These students train in a highly technical, precise environment that’s similar to what they’ll experience in the field. Darrell maintains a steady flow of projects, so every student has at least one engine they’ll be able to build, run on the dynamometer, and send off to a race team.

While the program started out with building engines for the K&N series, students aren’t limited to working on only these engines. Thanks to Darrell’s industry connections, students have an opportunity to venture into all kinds of racing, from drag and dirt racing to motorcycles and monster trucks.

“It makes me feel good to see our students go on to work with race teams,” Darrell shares. “I know how excited I was when I got the call to move down south and work for an engine shop, and I want the same for my students.”

Graduates of this program have gone on to achieve incredible things in the industry. One of Darrell’s favorite memories is when a student of his went to the Indy 500 with Penske for his first race. When he won, the student texted Darrell from victory lane to thank him.

“There’s always going to be that one person in your career who helps you get to that next level,” Darrell shares. “That’s what I hope to be for my students.”

Advice for Breaking Into the Industry

Both Nick and Darrell agree that in the world of racing, the secret to success is having a good work ethic.

This can be an incredibly exciting career path, but there’s a lot of hard work that goes into it behind the scenes. “As long as you’re at the race track and have your head down and are working hard, someone is going to notice that,” Darrell shares.

It’s also important to diversify your skills and continuously be learning. “Learn as much as you can in as many avenues of racing you can. It will only broaden your horizons to what you can do for a living,” Nick says.

In addition to his racing career, Nick is a chassis builder himself — he started his own company called Elite Chassis in 2012. He loves building engines for customers and seeing them succeed, much like the students who build the engines he races with.

A Bright Future

Nick has always been a strong supporter of UTI and NASCAR Tech. “They’ve been a big supporter of mine, and I’m a supporter of them,” he shares. “The school can take you a long way if you take it seriously, work hard at it and push your limits.”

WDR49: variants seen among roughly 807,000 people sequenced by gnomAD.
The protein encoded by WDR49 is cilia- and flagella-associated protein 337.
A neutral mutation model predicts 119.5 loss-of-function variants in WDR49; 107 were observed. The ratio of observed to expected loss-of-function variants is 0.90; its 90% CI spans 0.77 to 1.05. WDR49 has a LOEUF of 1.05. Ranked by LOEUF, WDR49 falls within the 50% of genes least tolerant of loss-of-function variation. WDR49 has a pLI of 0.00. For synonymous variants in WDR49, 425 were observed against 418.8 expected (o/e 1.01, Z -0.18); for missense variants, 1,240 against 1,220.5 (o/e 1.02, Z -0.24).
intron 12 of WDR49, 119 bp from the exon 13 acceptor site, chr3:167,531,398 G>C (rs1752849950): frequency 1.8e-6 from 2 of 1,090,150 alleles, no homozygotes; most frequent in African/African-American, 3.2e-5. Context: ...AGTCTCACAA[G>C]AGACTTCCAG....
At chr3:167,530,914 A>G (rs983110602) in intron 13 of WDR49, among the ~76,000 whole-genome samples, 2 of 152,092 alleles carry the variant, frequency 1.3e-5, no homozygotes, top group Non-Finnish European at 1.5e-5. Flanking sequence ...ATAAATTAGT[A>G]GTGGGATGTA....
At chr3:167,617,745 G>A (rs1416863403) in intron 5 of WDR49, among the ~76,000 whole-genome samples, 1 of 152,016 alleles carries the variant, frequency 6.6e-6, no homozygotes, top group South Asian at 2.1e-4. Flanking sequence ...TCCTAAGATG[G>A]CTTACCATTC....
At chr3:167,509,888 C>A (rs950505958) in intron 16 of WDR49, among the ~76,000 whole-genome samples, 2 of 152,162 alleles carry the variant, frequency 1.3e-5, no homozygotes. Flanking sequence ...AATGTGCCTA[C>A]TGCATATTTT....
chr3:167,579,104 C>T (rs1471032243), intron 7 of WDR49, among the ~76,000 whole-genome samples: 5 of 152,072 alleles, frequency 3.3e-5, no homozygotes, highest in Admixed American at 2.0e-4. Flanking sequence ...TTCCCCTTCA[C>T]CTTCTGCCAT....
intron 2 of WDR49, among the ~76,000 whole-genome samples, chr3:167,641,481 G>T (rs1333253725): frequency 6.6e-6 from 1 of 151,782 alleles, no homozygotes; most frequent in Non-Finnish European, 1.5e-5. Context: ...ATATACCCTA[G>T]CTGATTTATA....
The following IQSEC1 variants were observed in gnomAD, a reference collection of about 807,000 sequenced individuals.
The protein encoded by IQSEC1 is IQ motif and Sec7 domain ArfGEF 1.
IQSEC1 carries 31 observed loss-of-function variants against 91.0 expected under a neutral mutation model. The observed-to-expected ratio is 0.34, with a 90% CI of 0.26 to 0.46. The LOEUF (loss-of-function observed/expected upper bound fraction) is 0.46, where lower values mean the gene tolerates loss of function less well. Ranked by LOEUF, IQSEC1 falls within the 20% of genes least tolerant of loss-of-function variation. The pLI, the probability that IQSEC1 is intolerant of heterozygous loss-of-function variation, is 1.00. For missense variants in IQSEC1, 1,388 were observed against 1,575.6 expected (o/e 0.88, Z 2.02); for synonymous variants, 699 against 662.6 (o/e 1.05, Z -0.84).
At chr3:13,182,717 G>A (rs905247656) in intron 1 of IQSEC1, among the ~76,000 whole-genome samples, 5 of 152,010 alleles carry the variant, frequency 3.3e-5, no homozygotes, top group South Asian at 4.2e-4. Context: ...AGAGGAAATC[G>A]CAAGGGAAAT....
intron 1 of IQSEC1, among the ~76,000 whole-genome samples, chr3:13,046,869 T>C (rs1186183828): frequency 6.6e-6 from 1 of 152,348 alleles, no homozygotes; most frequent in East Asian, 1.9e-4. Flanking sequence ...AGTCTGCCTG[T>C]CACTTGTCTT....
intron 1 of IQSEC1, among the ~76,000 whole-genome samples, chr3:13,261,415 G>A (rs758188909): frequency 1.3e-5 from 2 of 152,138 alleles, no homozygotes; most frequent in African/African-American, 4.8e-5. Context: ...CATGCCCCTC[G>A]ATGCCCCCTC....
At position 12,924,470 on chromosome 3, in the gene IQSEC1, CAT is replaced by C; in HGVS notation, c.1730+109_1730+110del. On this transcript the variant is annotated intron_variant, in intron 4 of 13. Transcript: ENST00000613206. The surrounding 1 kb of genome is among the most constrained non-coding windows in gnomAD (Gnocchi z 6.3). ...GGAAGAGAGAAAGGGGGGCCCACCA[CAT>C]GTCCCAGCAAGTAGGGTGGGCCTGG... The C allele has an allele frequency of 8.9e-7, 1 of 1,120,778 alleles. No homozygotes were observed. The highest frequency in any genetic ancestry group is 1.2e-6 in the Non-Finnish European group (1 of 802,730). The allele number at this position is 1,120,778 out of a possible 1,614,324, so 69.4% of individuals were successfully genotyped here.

UTI and NASCAR Tech are thankful for industry leaders like Darrell and Nick who are playing a critical role in training and inspiring the next generation of technicians.

“We looked across America for an engine instructor, and didn’t have to look past Darrell Hoffman. We have the best in the country. We’re also really proud of our association with Nick — he speaks on behalf of us and partners with us, and chooses to represent UTI and NASCAR Tech,” John shares.

Today, more than 100 races have been won with NASCAR Tech student-built engines, and this number continues to grow. Students in the Spec Engine course are on a roll — and we’re excited to follow their success at NASCAR Tech and beyond!

Train for a Career at NASCAR Tech

Located in Mooresville, North Carolina, NASCAR Technical Institute is the world’s first and only technician training school that combines a complete automotive technology program with NASCAR-specific motorsports training.24 To learn more, visit our website or request information to connect with an Admissions Representative today.

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1) NASCAR Technical Institute is an educational institution and cannot guarantee employment or salary.

2) For program outcome information and other disclosures, visit www.uti.edu/disclosures.

6) UTI graduates’ achievements may vary. Individual circumstances and wages depend on personal credentials and economic factors. Work experience, industry certifications, the location of the employer and their compensation programs affect wages. UTI is an educational institution and cannot guarantee employment or salary.

11) See program details for eligibility requirements and conditions that may apply.

24) NASCAR Technical Institute prepares graduates to work as entry-level automotive service technicians. Graduates who take NASCAR-specific electives also may have job opportunities in racing-related industries. Of those 2019 graduates who took electives, approximately 20% found racing-related opportunities. NASCAR Tech’s overall employment rate for 2019 was 84%.

Universal Technical Institute of Illinois, Inc. is approved by the Division of Private Business and Vocational Schools of the Illinois Board of Higher Education.